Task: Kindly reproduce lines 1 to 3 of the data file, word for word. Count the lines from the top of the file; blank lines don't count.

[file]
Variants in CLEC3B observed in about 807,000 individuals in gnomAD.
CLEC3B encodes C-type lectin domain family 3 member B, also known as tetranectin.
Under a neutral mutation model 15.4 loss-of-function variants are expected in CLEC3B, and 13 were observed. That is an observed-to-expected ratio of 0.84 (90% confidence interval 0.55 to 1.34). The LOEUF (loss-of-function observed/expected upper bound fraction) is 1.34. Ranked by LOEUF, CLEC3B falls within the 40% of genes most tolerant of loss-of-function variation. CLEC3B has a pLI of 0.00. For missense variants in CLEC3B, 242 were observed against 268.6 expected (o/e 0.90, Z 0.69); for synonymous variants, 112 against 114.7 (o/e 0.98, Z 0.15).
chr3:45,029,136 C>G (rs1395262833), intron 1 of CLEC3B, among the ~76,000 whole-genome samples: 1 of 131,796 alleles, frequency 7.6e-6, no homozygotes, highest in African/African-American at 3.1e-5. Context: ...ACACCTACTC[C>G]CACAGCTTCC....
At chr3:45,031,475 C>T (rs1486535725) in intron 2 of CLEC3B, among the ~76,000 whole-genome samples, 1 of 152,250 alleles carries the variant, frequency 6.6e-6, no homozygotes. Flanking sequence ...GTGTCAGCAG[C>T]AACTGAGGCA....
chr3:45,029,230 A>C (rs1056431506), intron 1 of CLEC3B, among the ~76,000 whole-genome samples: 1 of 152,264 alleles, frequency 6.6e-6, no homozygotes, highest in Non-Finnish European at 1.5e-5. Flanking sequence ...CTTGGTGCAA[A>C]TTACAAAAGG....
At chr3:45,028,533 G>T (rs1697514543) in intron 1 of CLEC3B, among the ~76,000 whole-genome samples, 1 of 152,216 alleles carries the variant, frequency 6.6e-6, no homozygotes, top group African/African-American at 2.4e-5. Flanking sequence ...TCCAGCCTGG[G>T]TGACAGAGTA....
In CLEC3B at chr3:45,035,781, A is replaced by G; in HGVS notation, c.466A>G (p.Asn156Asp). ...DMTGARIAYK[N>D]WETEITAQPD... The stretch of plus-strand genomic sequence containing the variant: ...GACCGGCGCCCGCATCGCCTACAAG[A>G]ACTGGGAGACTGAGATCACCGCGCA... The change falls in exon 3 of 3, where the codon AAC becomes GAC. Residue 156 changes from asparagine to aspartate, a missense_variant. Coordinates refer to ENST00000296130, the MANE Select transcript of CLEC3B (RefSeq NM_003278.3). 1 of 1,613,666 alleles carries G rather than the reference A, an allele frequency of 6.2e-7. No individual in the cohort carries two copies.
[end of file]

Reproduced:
Variants in CLEC3B observed in about 807,000 individuals in gnomAD.
CLEC3B encodes C-type lectin domain family 3 member B, also known as tetranectin.
Under a neutral mutation model 15.4 loss-of-function variants are expected in CLEC3B, and 13 were observed. That is an observed-to-expected ratio of 0.84 (90% confidence interval 0.55 to 1.34). The LOEUF (loss-of-function observed/expected upper bound fraction) is 1.34. Ranked by LOEUF, CLEC3B falls within the 40% of genes most tolerant of loss-of-function variation. CLEC3B has a pLI of 0.00. For missense variants in CLEC3B, 242 were observed against 268.6 expected (o/e 0.90, Z 0.69); for synonymous variants, 112 against 114.7 (o/e 0.98, Z 0.15).